New strain of strep emerges as major U.S. infection
October 19, 2007 10:11 AM - Maggie Fox -Reuters
A new strain of bacteria is emerging as a major cause of childhood infections but even drug-resistant versions of the bug can be killed off with the right antibiotics, doctors said on Thursday. Doctors and parents should be aware of it, however, and switch antibiotics for children with severe infections who do not respond quickly to standard therapy.
Doctors warn of harm from kids' cough, cold drugs
October 18, 2007 12:25 PM - Lisa Richwine, Reuters
SILVER SPRING, Maryland (Reuters) - Over-the-counter cough and cold medicines can be dangerous for young children and there is no evidence they work, doctors told a U.S. advisory panel on Thursday.
A week ago, major makers voluntarily pulled cough and cold drugs for children up to age 2. But physicians are pushing the government to restrict marketing for use up to age 6.
"Cough and cold products pose genuine risks when given to children under the age of 6 with no associated benefit," Dr. Michael Shannon, professor of pediatrics at Harvard Medical School, told a Food and Drug Administration advisory panel.
Experimental malaria vaccine works in babies
October 17, 2007 01:14 PM - Ben Hirschler
HONG KONG (Reuters) - A study involving nearly 3,500 women in several countries suggests that Chinese herbs might be more effective in relieving menstrual cramps than drugs, acupuncture or heat compression.
Australia-based researchers said herbs not only relieved pain, but reduced the recurrence of the condition over three months, according to the Cochrane Library journal.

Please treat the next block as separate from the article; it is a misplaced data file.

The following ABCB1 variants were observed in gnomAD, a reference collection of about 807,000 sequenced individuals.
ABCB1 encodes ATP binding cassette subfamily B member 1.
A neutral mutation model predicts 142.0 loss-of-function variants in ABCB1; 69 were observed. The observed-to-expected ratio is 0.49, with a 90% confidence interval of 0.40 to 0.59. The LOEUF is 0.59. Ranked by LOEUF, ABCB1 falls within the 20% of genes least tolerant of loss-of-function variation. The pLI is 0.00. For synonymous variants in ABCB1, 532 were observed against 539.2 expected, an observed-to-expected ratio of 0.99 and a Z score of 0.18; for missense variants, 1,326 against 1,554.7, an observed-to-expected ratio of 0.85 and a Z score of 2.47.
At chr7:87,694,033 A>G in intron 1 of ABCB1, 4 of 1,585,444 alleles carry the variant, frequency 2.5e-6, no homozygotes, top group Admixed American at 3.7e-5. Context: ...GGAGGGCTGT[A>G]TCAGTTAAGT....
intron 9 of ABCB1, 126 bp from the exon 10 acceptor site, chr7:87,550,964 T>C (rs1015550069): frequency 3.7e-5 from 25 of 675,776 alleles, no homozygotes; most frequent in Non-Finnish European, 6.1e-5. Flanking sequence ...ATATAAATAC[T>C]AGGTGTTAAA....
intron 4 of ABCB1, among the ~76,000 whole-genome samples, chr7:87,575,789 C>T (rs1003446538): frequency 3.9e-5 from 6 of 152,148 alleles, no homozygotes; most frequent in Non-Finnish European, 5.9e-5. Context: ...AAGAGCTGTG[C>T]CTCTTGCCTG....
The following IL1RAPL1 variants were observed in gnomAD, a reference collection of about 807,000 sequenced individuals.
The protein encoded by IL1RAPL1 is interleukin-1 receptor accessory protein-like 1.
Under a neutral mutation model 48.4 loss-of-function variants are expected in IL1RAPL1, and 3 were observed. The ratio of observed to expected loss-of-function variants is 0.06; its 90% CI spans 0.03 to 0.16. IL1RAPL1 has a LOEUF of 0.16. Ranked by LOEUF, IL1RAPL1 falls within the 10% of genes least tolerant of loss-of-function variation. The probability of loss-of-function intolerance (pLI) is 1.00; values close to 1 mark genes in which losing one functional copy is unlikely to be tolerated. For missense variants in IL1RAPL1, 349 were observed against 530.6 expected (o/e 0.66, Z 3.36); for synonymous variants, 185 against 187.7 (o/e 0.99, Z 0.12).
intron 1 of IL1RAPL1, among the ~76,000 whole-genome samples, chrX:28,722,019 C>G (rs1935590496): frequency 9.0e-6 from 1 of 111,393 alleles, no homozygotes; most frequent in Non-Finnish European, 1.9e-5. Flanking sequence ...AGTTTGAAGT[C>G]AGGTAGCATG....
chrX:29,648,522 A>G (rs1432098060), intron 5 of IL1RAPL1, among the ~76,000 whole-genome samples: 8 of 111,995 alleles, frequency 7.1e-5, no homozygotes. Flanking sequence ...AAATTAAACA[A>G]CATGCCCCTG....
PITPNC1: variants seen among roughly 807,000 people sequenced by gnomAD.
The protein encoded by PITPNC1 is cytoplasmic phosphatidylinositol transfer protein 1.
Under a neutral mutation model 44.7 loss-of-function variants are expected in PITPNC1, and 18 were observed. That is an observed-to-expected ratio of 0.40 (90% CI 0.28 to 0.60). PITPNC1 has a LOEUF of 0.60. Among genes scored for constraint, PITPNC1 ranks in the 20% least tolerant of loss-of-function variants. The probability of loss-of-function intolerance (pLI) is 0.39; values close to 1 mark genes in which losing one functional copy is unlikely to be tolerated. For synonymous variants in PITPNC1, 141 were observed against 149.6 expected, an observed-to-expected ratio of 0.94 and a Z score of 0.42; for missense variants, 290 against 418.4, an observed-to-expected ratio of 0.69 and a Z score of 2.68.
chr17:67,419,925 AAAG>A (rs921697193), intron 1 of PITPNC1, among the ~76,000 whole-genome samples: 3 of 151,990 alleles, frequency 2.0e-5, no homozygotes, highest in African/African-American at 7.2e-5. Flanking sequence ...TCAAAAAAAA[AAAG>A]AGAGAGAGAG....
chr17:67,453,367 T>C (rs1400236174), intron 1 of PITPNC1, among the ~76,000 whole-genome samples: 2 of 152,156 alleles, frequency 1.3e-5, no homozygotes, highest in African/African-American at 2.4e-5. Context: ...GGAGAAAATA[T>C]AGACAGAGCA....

"All available measures of effectiveness confirmed the overall superiority of Chinese herbal medicine to placebo, no treatment, NSAIDs (non-steroidal anti-inflammatory drugs), OCPs (oral contraceptive pill), acupuncture and heat compression," said lead author Xiaoshu Zhu from the Centre for Complementary Medicine Research at the University of Western Sydney.
Israel's Mediterranean: a "septic tank"
October 17, 2007 09:44 AM - Tova Cohen, Reuters
TEL AVIV (Reuters) - The Mediterranean is often called the world's most polluted sea and the waters around Tel Aviv offer a reason why.
Heavy metals and pesticides are discharged into the sea under government licenses, environmentalists say, and the company responsible for the sewage of the area's 2.5 million people is the biggest polluter in the eastern Mediterranean.
"The state of Israel's coastal waters is appalling," the environmental group Zalul said in its State of the Sea Report for 2007.
Chinese herbal medicine may help relieve painful menstrual cramps
October 17, 2007 09:35 AM - John Wiley & Sons, Inc.
Women with menstrual cramps are often offered either non steroidal anti-inflammatory drugs or oral contraceptives. Many women, however, find that this treatment does not work or they can not take the drugs, and more women would prefer a non-drug alternative.
Insulin's brain impact links drugs and diabetes